It’s hard to find an optimist these days.
由商业信心指数（Business Confidence Index, BCI）衡量的商业信心在今年6月同比下滑1.3%。当月的信心指数仅有99.82，低于100的基准线，表明企业对未来抱有悲观情绪。
这些数值表明贸易对支出和供应链动态的影响导致了不确定性。Pacific Life Fund Advisors的资产分配主管马克思·高克曼在照会中对《财富》杂志表示，对于贸易的担忧是“商业信心低迷的关键”，如果放任情况恶化，恐怕会“加剧经济衰退”。
美国服务业的增长率在今年7月跌至三年来的最低点，许多人从整体经济中感受到了日益强大的焦虑，这在业务订单中得到了体现。更糟的是，制造业的增速放缓已经影响了非制造行业。供应管理协会（Institute for Supply Management, ISM）在8月5日发布的报告显示，美国非制造业指数从6月的55.1下滑至7月的53.7（这是2016年8月以来的最低值），而7月的非制造业商业活动较之上月也有5.1%的减少。
BMO Capital Markets的美国利率策略主管伊恩·林根在照会中写道：“对于一个严重依赖服务行业的经济体而言，现在公布的数据令人尤其不安。”
林根没有说错——美国经济有70%由服务业构成，服务业的增长放缓，表明企业对贸易状况感到担忧，并会在面临中国的不确定性时继续保持谨慎。此外，富国银行投资研究所（Wells Fargo Investment Institute）的投资战略分析师彼得·唐尼萨努在给《财富》杂志的照会中指出：“尽管服务业的采购经理人指数（PMI）直到近期还有上扬，但它未来的疲软预示着美国经济有进一步下行的风险。”
克莱顿大学（Creighton University）海德商学院（Heider College of Business）的金融学教授罗伯特·约翰逊表示：“混乱局面让商业计划难以确定。”他在照会中对《财富》杂志表示，这是招聘岗位减少、支出降低的原因。他还认为关税“对公司盈利造成了压力，公司业绩不景气的可能性也有所提高”。
此外，标普全球评级（S&P Global Ratings）的全球企业资本支出调查显示，资本支出在去年涨幅仅为2%，预计在2019年的涨幅也仅有3%。标普全球评级的加雷斯·威廉姆斯写道，疲弱的资本支出“在多年的刺激之后已经瘫软无力，这意味着资本支出在维持现有经济循环上提供不了太大帮助”。SLC的穆拉基认为在中美关系有着更明晰的道路之前，公司不会在资本支出上进行投入。
Business confidence, measured by the Business Confidence Index (BCI), decreased some 1.3% in June from the same month last year. And according to the index, June’s 99.82 reading is just below the 100-mark, indicating a pessimistic bent.
Those numbers reflect uncertainty over how trade may affect expenditures and supply chain dynamics. Max Gokhman, head of asset allocation at Pacific Life Fund Advisors, told Fortune in a note that trade concerns are “paramount to souring business confidence,” and could “hasten the downturn” if they escalate.
There are a few main causes for concern.
Growth in the U.S. services sector slowed to three-year lows for July, as business orders reflect the anxiety many are increasingly feeling toward the overall economy. And to make matters worse, slowing manufacturing growth has bled into non-manufacturing sectors as well. According to the Institute for Supply Management’s (ISM) report released on August 5, July U.S. non-manufacturing index growth decreased from 55.1 in June to 53.7 (the lowest reading since August 2016), and non-manufacturing business activity also decreased by 5.1% from June readings.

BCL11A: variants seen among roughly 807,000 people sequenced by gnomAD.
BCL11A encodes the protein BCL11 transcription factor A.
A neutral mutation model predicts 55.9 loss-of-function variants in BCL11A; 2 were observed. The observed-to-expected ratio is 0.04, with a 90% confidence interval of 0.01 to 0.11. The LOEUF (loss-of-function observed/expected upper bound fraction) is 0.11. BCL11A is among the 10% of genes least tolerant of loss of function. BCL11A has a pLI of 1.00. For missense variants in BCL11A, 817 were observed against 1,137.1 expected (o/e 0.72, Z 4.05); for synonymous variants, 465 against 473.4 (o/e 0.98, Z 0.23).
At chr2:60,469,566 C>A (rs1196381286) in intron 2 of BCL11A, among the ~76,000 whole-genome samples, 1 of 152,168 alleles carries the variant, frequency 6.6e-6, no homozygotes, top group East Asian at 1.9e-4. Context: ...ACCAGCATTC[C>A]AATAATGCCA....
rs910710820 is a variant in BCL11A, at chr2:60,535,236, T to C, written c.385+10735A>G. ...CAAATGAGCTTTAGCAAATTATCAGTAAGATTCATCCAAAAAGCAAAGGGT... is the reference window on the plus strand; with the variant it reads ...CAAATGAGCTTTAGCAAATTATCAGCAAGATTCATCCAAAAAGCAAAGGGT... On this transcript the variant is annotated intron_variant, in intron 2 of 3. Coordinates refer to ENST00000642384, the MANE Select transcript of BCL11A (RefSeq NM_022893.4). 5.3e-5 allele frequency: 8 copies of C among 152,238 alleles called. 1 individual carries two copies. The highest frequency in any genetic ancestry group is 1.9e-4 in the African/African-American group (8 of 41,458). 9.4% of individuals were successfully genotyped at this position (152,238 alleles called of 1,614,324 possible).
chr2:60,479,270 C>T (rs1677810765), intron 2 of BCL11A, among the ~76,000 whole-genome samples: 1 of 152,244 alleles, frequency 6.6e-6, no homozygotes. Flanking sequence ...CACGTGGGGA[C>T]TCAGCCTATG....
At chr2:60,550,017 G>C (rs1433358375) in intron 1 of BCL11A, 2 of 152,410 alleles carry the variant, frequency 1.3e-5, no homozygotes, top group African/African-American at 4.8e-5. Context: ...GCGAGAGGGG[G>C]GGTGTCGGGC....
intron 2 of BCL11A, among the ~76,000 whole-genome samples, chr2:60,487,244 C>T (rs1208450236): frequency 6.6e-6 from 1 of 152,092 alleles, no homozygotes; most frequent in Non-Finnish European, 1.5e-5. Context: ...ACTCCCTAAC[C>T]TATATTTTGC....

“For an economy that is so heavily dependent on the service sector, this is a particularly troubling release,” Ian Lyngen, head of U.S. interest rates strategy at BMO Capital Markets, wrote in a note.
And Lyngen is right—the services sector comprises 70% of the U.S. economy, and slowed growth signals corporations are concerned about trade and could continue being cautious in the face of China uncertainty. And “while buoyant until recently, further weakness in services sector PMI readings could yet portend further downside risks to the U.S. economy,” Peter Donisanu, investment strategy analyst at Wells Fargo Investment Institute, told Fortune in a note.
The culprit: uncertainty
The “chaotic environment makes planning for businesses problematic,” according to Robert Johnson, professor of finance at Heider College of Business, Creighton University. He told Fortune in a note that’s what leading to lower hiring numbers and less spending. He also suggests that the tariffs “put pressure on corporate earnings and the likelihood of a corporate earnings recession has also increased.”
While employment data is still relatively strong, payroll gains have slowed since last year, and many experts suggest it may be due to questions over trade.
“If you’ve got companies that get concerned about where the future is leading, they’ll get cautious on their hiring plans, and that will lead to a rise in unemployment and consumers will start to pull back,” Dec Mullarkey, head of investment strategy for SLC Management, tells Fortune.
To boot, capital expenditures (or capex), grew only 2% last year and is expected to grow only 3% in 2019, according to the S&P Global Ratings’ Global Corporate Capex Survey. These weaker expenditures are “thin gruel after years of stimulus and means that capex will not offer much help in sustaining the current economic cycle,” writes S&P Global’s Gareth Williams. And SLC’s Mullarkey believes companies aren’t going to spend on capex until there is a clearer path forward with China.
Additionally, Morgan Stanley suggests that, since two-thirds of the goods to be tariffed in the latest levy are consumer goods, the new tariffs could “lead to a more pronounced impact on the US as compared to earlier tranches,” Morgan Stanley chief economist Chetan Ahya said in a note to investors. “Trade tensions have pushed corporate confidence and global growth to multi-year lows.” And according to a recent report, Morgan Stanley suggests economic growth and weak earnings are already being impacted by waning business confidence.
As corporations weigh how to act, Bankrate.com’s chief economic analyst Mark Hamrick believes the latest trade escalation “shifts the point of strain ... on the shoulders of the consumer,” Hamrick told Fortune.
However, while growth is slowing, it is still considered expansionary (as any reading above 50 indicates). With services sector growth just barely above that 50-level mark at 53.7, the expansion continues...albeit showing signs of strain.